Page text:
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Volume 72, 1942-43
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Bibliography.

[1] Arey, L. B., and Crozier, W. J., 1919. Sensory Responses of Chiton, Journ. Exp. Zool., 29.

[2] Clark, W., 1885. On the Phenomenon of Reproduction of the Chitons, Ann. of Nat. Hist., 2, ser. XVI.

[3] Crozier, W. J., 1918. Growth and Duration of Life of Chiton tuberculatus, Proc. Nat. Acad. Sci., 4.

[4] —– 1918. Growth of Chiton tuberculatus in Different Environments, Proc. Nat. Acad. Sci., 4.

[5] —– 1921. Homing Behaviour of Chiton, Amer. Nat. New. York, 55.

[6] Fox, H. M. Lunar Periodicity in Reproduction, Nature, 130, p. 23.

[7] Graham, D. H., 1942. Breeding Habits of Twenty-two Species of Marine Molluscs, Trans. Roy. Soc. N.Z., 71.

[8] Hammarsten, D., and Runnström, J., 1926. Zur Embryologie von Acanthochiton disorepans (Brown), Zool. Jahr., 47.

[9] Heath, H., 1905. The Breeding Habits of Chitons of the Californian Coast, Zool. Anz., Bd., 29.

[10] Lovèn, —, 1856. Ueber die entwicklung von Chiton, Ann. Mag. Nat. Hist., 17.

[11] Metcalf, M. M., 1893. Contributions to the Embryology of Chiton, Stud. Johns Hopkins Univ., 5.

[12] Powell, A. W. B., 1937. The Shellfish of New Zealand.

[13] Suter, H., 1915. Manual of the New Zealand Mollusca.

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Fig. 1 Three specimens of Cryptoconchus porosus photographed in the aquarium. The male on the lett is clinging to the side of the tank just below the water level. A string of white sperms is pouring from the exhalant respiratory aperture at the posterior end. The general whiteness of the floor of the tank is due to the presence of sperms. Both the other individuals are females, the one on the light resting after spawning. whilst the central one is in the act of extruding eggs, which can be seen as a grey mass on the floor of the tank between the two females.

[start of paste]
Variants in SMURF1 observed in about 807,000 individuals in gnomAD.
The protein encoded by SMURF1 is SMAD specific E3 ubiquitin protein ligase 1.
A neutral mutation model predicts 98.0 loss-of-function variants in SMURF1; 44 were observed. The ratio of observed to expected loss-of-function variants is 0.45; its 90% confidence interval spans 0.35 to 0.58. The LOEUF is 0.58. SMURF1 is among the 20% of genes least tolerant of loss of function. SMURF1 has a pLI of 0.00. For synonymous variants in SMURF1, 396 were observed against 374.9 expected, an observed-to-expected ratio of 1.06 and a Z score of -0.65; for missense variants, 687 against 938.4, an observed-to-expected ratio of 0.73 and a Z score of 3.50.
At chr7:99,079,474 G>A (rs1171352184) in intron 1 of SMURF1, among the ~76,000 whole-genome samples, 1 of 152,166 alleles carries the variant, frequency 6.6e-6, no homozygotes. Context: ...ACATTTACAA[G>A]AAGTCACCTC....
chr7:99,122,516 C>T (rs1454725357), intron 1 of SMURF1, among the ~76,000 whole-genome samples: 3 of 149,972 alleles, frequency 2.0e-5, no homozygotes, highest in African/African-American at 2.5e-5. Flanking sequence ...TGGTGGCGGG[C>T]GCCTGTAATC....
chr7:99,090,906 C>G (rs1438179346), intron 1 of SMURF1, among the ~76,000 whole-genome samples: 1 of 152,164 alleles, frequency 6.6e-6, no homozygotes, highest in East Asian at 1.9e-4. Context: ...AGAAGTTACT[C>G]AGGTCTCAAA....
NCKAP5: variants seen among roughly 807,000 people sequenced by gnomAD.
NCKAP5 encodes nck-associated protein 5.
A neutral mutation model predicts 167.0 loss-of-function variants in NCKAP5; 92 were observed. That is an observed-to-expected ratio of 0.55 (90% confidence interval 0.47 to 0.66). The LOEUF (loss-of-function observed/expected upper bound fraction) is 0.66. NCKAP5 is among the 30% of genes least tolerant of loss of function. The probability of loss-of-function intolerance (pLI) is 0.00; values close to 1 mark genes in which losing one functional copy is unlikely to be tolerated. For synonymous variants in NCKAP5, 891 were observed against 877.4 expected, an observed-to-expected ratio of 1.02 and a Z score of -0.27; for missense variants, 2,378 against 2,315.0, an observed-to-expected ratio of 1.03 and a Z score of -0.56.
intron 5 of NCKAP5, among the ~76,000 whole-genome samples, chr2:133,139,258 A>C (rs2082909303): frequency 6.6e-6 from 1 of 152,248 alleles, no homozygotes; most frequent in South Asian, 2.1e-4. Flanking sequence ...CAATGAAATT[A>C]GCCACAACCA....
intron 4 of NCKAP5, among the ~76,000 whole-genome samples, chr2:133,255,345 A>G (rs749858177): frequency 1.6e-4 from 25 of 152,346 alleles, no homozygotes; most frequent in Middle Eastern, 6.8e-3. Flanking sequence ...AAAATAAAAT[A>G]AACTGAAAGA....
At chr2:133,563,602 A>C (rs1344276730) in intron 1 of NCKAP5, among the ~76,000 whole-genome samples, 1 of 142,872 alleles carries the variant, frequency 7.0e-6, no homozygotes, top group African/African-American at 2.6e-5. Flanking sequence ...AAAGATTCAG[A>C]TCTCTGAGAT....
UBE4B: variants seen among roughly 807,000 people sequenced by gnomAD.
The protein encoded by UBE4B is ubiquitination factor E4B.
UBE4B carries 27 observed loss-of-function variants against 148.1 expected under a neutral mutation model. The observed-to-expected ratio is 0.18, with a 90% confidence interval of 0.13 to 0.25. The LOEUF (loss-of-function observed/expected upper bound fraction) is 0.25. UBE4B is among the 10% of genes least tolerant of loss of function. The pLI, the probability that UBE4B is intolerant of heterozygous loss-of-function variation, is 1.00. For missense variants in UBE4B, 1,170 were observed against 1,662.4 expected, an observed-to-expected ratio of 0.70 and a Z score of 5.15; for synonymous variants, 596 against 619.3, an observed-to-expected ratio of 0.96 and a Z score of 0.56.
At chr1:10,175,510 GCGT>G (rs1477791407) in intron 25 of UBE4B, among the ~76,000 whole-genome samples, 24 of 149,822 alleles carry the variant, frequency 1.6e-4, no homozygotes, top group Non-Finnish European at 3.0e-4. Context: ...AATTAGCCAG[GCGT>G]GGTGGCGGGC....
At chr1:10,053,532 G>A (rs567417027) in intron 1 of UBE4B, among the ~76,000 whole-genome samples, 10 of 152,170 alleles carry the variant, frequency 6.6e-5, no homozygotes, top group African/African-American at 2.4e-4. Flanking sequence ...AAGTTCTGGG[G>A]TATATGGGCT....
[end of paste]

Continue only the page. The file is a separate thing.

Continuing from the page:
Fig. 2 Drawings of a male (left) and a female (right) made from photographic negatives. The male is shown spawning on the floor of the tank, and the force by which sperms exit by the exhalant respiratory aperture at the posterior end is illustrated. Note the inhalant respiratory aperture at the anterior end. The female shows the usual position for spawning, head directed downwards, posterior region of foot and mantle elevated, mantle edges rolled in over pallial groove in this region. The eggs are shown pouring out of the exhalant respiratory aperture passing down the back of the animal in a long gelatinous string, and forming a pile on the floor of the tank.

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Dates and Times of Spawning of Cryptoconchus Porosus